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5 Steps to Deal with Business Downtime

By: SmallBizClub

 

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1. Find and identify the issues.

 
Firstly, as it says on the back of the Hitchhikers Guide to the Galaxy, “Don’t panic.” If this downtime is scheduled then you should have a plan in place to go about getting server maintenance, whether it’s installing patches or upgrading hardware, done quickly and efficiently. Sometimes however these things don’t go to plan.
 
Unexpected downtime can happen at any time and accidents happen, though we should note that they should always try to be mitigated. If someone does trip over a RJ45 cable and brings down the network then you should generally have some network monitoring in place that will quickly alert you to the issue.
 
Find out what parts of business are being impacted and identify the issue. Once this has been done you’ll find yourself in a much better situation to deal with the downtime.
 
Of course, if a single RJ45 causes network downtime you should probably look at the rest of your infrastructure, as there may be some issues in that department. Downtime through human error may mean that there may need to be some changes in policy around networking and management of your IT estate.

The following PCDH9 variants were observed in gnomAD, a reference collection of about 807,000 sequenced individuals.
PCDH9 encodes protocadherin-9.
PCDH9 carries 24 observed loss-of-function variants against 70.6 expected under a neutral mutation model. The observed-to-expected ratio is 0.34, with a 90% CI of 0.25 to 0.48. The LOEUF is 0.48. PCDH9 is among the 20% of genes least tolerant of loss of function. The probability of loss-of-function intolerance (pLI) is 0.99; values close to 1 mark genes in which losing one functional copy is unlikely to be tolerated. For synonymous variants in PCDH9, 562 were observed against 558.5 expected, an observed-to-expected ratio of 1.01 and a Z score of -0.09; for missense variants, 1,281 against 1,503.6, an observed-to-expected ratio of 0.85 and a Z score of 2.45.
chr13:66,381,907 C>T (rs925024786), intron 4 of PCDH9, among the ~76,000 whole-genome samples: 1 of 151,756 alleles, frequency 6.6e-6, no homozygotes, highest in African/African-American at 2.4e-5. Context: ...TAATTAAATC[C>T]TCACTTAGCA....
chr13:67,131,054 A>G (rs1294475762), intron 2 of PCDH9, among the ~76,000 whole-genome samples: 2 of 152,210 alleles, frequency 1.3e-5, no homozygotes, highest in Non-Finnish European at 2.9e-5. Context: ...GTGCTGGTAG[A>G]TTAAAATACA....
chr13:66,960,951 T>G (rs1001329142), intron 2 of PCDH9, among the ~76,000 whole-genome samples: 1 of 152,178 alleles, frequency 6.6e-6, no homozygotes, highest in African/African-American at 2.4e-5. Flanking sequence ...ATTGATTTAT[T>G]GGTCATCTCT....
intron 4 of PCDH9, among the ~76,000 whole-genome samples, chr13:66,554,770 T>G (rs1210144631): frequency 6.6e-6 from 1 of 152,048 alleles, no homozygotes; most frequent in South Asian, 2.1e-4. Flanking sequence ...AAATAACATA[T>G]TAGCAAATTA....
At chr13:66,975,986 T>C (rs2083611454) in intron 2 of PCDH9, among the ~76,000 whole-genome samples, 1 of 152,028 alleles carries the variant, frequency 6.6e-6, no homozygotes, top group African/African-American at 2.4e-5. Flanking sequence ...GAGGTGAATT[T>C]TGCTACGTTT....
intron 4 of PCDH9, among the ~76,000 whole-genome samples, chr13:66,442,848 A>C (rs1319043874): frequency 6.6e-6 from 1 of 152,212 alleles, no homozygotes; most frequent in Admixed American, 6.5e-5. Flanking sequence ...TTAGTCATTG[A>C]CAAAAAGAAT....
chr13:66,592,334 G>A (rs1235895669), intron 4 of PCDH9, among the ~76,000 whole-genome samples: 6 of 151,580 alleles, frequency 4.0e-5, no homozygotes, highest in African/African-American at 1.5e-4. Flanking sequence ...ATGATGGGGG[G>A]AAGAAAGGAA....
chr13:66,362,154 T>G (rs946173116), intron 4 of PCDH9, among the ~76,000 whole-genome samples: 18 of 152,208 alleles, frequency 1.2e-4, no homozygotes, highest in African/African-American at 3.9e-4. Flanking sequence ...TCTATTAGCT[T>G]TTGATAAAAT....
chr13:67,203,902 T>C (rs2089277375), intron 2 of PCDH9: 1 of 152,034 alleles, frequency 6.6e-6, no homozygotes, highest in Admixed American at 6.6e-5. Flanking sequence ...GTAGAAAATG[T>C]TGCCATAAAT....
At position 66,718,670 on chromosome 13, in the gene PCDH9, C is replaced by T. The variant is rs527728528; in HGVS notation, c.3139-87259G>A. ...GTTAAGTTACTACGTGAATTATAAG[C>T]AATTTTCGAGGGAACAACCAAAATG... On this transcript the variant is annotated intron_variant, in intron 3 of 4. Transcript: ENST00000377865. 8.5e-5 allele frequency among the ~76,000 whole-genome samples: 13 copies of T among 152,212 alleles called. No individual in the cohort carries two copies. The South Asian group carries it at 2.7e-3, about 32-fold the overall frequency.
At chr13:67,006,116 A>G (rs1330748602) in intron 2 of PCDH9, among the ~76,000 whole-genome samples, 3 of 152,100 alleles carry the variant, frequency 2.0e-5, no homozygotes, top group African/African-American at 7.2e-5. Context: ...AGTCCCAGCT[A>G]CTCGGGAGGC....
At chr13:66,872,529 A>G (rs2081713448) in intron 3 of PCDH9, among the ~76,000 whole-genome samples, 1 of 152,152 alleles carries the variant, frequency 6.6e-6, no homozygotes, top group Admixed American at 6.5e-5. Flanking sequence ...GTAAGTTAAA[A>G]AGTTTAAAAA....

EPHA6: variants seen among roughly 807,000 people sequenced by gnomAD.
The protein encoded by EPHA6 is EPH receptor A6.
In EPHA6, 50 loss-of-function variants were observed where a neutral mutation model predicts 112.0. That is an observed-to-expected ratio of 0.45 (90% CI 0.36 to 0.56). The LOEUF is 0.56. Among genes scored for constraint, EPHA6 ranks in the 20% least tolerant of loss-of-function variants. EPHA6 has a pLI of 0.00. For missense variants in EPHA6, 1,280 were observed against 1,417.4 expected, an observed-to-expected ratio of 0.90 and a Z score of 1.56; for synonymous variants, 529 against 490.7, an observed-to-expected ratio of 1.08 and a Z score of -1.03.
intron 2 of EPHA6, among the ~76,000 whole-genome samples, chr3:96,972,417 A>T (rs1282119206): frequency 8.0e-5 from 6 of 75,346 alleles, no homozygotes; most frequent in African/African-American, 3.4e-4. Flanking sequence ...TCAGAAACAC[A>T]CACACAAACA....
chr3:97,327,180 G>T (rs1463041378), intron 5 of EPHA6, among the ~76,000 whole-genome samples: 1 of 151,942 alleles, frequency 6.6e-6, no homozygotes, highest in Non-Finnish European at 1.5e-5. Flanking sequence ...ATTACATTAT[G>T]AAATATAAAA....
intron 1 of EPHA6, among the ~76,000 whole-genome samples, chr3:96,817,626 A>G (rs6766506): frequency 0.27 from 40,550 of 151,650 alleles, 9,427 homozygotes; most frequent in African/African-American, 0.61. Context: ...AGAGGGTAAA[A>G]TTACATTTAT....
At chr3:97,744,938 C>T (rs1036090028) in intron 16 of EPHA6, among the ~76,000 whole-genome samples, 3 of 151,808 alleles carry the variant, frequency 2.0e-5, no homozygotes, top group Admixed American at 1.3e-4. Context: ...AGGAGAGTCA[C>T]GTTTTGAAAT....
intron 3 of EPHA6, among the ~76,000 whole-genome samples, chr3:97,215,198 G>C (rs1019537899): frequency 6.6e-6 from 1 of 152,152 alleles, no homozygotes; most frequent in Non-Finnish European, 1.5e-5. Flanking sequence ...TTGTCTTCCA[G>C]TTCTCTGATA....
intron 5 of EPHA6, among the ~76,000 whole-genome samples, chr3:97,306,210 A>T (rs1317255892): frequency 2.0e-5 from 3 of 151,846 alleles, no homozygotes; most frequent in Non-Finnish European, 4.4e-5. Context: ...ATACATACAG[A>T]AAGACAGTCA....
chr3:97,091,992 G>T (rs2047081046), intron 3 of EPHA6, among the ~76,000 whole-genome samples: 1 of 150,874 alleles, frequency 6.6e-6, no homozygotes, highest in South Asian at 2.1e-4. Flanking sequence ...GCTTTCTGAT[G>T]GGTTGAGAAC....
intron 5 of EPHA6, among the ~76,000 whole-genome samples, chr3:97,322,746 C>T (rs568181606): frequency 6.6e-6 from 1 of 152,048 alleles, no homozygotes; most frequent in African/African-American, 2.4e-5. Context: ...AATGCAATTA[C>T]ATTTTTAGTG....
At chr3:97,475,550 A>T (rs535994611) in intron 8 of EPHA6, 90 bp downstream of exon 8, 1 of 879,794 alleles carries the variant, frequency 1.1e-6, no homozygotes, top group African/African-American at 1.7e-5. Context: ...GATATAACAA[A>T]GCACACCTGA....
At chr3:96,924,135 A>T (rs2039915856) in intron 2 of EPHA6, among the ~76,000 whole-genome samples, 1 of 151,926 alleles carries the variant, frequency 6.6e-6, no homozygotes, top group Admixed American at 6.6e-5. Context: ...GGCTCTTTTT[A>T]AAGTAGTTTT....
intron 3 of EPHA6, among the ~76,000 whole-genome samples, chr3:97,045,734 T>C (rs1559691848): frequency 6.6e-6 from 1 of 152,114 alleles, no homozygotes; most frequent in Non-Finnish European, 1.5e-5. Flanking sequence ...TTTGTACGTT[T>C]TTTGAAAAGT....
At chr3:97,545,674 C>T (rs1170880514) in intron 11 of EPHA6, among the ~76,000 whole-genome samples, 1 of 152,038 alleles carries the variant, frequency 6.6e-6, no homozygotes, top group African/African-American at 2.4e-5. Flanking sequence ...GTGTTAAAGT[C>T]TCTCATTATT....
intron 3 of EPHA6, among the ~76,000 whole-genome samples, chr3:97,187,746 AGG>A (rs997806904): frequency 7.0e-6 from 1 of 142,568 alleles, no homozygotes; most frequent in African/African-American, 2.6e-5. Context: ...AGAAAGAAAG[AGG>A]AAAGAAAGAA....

2. Getting things up and running.
 
The main priority around all outages is to get the affected services back up and running as quickly as possible. Quickly diagnosing what went wrong is an important first step, though dependent on the size and scale of the issue at hand but the team involved should be focused on getting the issue rectified.
 
3. Communication across employees and users.
 
If you do suffer outages, it’s critical to keep employees or external users of your systems aware of the issues, as communication is key. If you’ve got a large user base that has been knocked offline, it’s time to take to social media. Twitter can be an excellent way of touching base with your customers, depending on your users. O2 dealt with a network outage with some of the best social media support seen which can lighten the mood of an angry customer base.
 
4. Identify what went wrong in the aftermath.
 
Service has been fully restored. Though now you get to ask the real questions about downtime.
 
  • How did this happen?
  • How did you rectify the issue?
  • What changes need to be made to stop this from happening again?
 
5. Be proactive about future investments.
 
While reactive support may be required to happen while an outage is going on, to fix the issue permanently there must proactive measures put into place to actively address issues that may cause outages. Employing better policies, investing in hardware & migrating away from legacy systems can be deployed to try to mitigate downtime. Downtime is rarely a single case issue and usually is the symptom of a more troubling problem, from lack of resources through to inadequate investment in IT.
 
briankingAuthor: This article was written by Brian King, Digital Marketing Manager at Opsview, a network monitoring firm.
 
Published: March 26, 2014
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